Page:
Every time I turn on my TV, I see people dancing. Whirling, swirling, twirling, they glide through the miniature world that occupies a nook in my living room. I see mazurkas on Mondays, Texas two-steps on Tuesdays, waltzes on Wednesdays. They dip and swoon, swing and sway to the ballet of life in ballrooms and bedrooms, on beaches and bandstands. They do the cha-cha, the mambo, the samba, the hokey-pokey, and the conga. And every now and then, they roll up the rug, kick off their shoes, and have a good ol' sock hop.
So what's behind this latest dance craze? Why are all these people tripping the light fantastic, hoofing it, prancing to jigs and jitterbugs, and twisting again like they did last summer? As far as I can tell, it's because they're all on drugs.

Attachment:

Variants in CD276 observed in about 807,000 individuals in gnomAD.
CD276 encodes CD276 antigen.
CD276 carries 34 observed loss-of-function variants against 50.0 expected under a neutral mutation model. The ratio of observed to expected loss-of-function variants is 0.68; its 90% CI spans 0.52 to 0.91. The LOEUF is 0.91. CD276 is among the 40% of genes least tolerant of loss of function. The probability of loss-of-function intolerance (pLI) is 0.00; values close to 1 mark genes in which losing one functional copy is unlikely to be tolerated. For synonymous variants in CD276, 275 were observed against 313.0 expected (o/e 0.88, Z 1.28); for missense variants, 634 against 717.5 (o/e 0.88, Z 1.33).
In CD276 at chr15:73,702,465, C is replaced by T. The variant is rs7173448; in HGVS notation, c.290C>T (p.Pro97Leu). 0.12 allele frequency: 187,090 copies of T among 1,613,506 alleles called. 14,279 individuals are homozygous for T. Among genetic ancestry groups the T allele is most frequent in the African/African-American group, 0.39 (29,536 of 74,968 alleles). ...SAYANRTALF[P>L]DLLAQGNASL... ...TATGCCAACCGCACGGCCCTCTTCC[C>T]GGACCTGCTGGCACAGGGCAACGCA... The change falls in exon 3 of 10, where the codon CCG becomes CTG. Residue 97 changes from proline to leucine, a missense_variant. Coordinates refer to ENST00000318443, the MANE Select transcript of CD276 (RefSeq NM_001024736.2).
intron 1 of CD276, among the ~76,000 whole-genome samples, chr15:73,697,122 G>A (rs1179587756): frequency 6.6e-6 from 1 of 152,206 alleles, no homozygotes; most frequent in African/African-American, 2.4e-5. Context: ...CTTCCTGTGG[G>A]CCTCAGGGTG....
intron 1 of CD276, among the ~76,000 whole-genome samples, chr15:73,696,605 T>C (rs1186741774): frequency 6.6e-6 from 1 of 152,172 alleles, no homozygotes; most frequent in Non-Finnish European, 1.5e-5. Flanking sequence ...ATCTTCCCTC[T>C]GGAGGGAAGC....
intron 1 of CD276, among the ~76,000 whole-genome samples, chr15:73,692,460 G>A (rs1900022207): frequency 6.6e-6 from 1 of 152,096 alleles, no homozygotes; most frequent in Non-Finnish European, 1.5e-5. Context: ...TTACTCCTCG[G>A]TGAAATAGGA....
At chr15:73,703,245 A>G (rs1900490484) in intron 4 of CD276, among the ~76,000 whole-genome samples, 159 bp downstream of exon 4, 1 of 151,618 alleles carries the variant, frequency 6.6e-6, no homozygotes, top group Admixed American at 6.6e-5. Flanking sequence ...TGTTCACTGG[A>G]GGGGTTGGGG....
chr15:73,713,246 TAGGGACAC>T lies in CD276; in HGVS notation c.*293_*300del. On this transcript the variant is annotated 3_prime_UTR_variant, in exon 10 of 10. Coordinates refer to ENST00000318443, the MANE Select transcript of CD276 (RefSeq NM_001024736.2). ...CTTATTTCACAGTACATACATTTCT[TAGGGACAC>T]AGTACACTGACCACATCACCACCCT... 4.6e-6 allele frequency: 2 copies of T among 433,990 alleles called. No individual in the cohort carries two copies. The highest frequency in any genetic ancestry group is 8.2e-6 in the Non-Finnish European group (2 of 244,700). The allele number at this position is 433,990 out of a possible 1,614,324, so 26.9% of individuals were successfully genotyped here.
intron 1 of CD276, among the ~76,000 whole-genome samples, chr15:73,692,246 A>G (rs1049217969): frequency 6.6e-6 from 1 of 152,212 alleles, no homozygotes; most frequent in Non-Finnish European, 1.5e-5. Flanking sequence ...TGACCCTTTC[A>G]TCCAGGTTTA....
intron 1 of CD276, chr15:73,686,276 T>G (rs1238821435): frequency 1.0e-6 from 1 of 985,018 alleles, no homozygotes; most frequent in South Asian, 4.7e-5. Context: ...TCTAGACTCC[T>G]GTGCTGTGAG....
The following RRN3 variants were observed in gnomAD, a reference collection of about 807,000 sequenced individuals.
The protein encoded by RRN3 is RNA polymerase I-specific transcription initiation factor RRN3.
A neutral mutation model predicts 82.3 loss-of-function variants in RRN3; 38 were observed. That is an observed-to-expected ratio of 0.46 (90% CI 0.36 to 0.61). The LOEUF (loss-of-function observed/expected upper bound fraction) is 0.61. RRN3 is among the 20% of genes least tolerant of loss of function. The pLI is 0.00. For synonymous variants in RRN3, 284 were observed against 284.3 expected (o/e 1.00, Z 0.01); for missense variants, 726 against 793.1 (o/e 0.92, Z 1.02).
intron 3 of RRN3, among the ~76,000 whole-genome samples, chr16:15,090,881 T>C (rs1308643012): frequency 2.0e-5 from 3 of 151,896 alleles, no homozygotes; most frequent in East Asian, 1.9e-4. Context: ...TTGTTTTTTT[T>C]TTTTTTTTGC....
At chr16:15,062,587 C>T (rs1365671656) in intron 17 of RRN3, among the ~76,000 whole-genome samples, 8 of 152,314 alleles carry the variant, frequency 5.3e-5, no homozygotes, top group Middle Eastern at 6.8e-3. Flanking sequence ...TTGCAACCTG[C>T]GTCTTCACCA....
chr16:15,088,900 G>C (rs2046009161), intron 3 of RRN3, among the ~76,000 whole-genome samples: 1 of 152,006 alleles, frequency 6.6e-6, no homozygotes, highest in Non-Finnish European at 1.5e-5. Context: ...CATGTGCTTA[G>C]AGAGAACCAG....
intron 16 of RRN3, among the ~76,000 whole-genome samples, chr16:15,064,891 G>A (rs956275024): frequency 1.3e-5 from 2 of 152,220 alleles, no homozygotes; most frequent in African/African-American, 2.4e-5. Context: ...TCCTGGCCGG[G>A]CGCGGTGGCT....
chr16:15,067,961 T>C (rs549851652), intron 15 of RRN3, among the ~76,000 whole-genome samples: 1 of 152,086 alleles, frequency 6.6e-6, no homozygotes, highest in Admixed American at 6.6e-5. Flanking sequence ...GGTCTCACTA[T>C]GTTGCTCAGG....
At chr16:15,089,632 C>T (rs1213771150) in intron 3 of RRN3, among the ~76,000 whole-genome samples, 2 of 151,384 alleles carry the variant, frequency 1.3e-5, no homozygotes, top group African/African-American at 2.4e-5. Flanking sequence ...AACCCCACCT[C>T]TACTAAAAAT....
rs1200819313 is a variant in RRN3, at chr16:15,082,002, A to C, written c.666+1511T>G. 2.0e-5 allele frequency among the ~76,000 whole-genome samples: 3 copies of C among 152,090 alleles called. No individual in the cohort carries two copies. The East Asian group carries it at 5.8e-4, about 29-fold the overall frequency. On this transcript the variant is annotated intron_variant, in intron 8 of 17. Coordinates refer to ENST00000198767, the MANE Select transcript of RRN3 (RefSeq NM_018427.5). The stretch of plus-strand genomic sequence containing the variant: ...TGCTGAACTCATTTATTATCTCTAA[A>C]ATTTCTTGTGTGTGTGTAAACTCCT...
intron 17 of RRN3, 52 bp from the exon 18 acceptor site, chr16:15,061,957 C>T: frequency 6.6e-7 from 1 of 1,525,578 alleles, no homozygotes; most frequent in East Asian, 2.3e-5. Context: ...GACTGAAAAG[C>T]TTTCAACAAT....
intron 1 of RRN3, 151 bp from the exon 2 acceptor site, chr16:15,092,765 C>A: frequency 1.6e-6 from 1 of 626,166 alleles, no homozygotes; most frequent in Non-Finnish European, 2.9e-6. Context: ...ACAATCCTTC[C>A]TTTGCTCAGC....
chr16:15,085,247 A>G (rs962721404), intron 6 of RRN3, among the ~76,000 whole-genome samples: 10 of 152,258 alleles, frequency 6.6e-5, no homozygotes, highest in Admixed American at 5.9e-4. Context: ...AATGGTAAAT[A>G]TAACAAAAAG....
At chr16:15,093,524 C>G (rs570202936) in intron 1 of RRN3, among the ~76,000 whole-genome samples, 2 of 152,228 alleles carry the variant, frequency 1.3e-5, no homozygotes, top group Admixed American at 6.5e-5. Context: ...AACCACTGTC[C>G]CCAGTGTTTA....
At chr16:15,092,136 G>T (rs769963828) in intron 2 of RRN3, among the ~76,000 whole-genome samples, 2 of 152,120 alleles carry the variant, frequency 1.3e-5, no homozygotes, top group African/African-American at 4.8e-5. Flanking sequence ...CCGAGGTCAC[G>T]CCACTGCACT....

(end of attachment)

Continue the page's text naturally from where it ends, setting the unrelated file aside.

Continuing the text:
All this disco mania takes place within commercials created by pharmaceutical conglomerates. The scheme is to promote better living through chemistry and to get you to pester your family doctor to write you a 'scrip' for some of this miracle dope. The particular affliction matters not. It could be asthma, obesity, osteoporosis, falling hair, or the Dread Bob Dole's Disease. Just pop a few magic pills and Shazzam! You feel born to boogie and ready for the prom.
I think I'm on to something here -- a marketing strategy better than "I can't believe I ate the whole thing." I see drug company profits soaring to the mega-mega range, and perhaps a comeback for the Arthur Murray Dance Studios. I need to tip Betty Boston and John Williams to this one. And the basic idea is so simple. The aging baby boomers all took drugs and did silly things when they were kids. Now they can relive those moments and relish the nostalgia. Except this time, it's all legal -- and very profitable.